HEALING OF SPECIALIZED TISSUES Healing of Nervous tissue1.Central nervous system-The nerve cells of brain, spinal cord and the ganglia once destroyed cannot be healed. The damaged neuroglial cells however may show proliferation of astrocytes called gliosis. 2.Peripheral nervous system- The peripheral nerves show regeneration, mainly from proliferation of Schwann cells and fibrils from the distal end. The myelin sheath & the axon of the intact distal nerve undergo Wallerian degeneration upto the next node of Ranvier towards the proximal end. Sprouting of fibrils takes place from the viable axon. In 6-7 weeks the peripheral stump consists of tube filled with elongated Schwann cells. Once the fibrils from the proximal stump enter the old neural tube it develops into a new functional axon. www.indiandentalacademy.com
HEALING OF MUSCLE All three types of muscle fibres have a limited capacity to regenerate 1. Skeletal muscle- On injury the cut ends of the fibres are held together by stromal connective tissue. The injured site is filled with fibrinous material,PMNâ€™s & macrophages. If the muscle sheath is intact sarcolemmal tubes containing histiocytes appear along the endomysial tube which in about 3 months time restores properly the oriented muscle fibres If the muscle sheath is damaged it forms a disorganized multinucleate mass & scar composed of fibro vascular tissue. 2. Smooth muscle-Non-striated muscle has limited regenerative capacity e.g. appearance of smooth muscle in the arterioles as granulation tissue. 3. Cardiac muscle-Destruction of the heart muscle is replaced by fibrous tissue & in situations where the endomysium of the individual cardiac fibre is intact regeneration may occur in young patients.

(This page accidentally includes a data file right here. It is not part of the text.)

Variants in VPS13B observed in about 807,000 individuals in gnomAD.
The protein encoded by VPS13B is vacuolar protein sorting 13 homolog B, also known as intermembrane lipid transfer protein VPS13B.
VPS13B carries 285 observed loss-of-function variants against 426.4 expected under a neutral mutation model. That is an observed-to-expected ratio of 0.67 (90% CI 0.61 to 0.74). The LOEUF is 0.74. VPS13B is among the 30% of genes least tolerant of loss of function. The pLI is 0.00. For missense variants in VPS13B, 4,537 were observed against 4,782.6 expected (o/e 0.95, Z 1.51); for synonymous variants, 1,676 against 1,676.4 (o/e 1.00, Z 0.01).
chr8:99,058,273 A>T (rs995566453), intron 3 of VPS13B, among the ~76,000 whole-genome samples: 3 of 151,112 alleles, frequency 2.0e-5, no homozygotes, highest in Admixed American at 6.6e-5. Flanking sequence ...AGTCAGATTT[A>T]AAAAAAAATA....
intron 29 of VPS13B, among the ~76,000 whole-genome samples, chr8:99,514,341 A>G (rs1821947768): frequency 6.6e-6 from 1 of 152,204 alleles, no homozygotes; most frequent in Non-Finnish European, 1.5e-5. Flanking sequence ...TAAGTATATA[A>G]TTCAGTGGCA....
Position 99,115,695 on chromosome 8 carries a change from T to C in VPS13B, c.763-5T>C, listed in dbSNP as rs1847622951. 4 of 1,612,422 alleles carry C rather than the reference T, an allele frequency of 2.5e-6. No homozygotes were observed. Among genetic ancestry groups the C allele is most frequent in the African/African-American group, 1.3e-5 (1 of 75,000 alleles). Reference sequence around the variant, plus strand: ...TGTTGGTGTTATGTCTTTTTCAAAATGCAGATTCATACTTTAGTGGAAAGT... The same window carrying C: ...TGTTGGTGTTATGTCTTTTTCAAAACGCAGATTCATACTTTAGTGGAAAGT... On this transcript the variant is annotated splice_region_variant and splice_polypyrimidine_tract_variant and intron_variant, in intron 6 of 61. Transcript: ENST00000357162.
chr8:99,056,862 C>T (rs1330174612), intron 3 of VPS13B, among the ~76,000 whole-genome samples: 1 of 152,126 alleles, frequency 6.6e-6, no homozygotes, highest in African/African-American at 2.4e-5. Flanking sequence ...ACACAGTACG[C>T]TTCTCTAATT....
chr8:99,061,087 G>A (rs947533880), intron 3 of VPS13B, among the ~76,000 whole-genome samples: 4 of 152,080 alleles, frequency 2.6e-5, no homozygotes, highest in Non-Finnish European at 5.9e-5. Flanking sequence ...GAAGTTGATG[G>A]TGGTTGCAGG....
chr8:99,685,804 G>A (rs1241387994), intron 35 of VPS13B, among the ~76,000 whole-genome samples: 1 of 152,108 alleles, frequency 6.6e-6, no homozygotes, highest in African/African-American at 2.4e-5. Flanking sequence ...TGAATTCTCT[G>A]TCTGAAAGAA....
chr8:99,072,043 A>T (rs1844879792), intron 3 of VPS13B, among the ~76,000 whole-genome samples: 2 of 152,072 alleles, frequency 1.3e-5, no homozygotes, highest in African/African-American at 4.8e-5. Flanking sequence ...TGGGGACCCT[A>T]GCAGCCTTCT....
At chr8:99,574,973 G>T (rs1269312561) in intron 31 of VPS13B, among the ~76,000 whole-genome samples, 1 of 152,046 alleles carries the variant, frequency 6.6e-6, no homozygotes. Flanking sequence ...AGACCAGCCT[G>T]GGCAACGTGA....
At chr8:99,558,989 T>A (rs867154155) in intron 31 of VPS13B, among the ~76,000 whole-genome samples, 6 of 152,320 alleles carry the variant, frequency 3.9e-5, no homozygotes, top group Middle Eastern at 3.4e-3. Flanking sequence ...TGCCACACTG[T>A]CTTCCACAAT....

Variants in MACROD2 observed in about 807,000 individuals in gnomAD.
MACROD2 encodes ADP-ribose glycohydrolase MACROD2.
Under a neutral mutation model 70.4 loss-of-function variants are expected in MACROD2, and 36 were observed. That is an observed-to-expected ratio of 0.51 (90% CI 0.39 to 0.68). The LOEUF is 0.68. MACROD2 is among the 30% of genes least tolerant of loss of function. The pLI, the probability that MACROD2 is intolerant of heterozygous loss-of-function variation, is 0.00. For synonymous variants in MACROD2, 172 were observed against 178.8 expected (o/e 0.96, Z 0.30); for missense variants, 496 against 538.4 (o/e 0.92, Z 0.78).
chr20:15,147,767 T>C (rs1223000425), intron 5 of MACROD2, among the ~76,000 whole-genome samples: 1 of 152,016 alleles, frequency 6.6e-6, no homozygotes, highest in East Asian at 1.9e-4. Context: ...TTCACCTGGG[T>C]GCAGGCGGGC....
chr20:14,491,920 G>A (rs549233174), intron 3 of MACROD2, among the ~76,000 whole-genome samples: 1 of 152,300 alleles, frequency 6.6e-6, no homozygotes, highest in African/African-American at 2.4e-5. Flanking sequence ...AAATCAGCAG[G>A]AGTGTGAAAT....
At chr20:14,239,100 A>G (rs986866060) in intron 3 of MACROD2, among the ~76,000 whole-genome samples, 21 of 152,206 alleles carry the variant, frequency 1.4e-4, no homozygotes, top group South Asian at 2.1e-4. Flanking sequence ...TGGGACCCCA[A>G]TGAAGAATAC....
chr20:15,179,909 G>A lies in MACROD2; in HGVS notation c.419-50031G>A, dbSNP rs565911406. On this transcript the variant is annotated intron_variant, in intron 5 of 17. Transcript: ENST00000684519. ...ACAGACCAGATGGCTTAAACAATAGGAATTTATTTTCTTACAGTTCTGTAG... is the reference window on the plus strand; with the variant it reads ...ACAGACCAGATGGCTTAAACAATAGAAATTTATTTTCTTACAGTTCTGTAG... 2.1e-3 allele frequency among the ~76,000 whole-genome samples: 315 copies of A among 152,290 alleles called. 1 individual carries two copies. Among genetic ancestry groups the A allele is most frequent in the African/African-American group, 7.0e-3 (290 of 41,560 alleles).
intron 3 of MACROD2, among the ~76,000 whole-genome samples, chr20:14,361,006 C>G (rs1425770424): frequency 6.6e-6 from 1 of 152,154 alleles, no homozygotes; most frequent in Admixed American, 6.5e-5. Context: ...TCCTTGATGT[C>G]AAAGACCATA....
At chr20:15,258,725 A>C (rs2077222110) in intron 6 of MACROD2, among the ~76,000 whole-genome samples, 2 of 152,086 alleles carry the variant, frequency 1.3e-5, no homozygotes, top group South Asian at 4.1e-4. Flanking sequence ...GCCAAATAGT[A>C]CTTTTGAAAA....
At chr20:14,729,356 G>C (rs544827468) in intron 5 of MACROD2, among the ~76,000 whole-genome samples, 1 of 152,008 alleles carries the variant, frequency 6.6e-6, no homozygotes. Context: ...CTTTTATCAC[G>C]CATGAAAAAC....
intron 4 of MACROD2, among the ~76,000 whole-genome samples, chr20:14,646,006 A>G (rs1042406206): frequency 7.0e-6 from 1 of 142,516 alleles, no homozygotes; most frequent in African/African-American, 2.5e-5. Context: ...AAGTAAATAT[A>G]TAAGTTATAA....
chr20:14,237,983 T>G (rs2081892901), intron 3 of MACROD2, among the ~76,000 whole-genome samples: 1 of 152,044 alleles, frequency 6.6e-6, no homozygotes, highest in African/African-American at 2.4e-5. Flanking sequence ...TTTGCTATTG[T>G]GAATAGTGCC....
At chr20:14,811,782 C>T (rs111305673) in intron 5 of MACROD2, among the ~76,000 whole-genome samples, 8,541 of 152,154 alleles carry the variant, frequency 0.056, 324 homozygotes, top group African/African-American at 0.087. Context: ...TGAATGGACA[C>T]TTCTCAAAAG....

HEALING OF MUCOSAL SURFACES The cells of the mucosal surfaces have a very good regeneration capacity and are replaced continuously as the blood supply is excellent and promotes healing due to rapid differentiation of cells.
INFLAMMATORY CONDITIONS OF THE ORAL CAVITY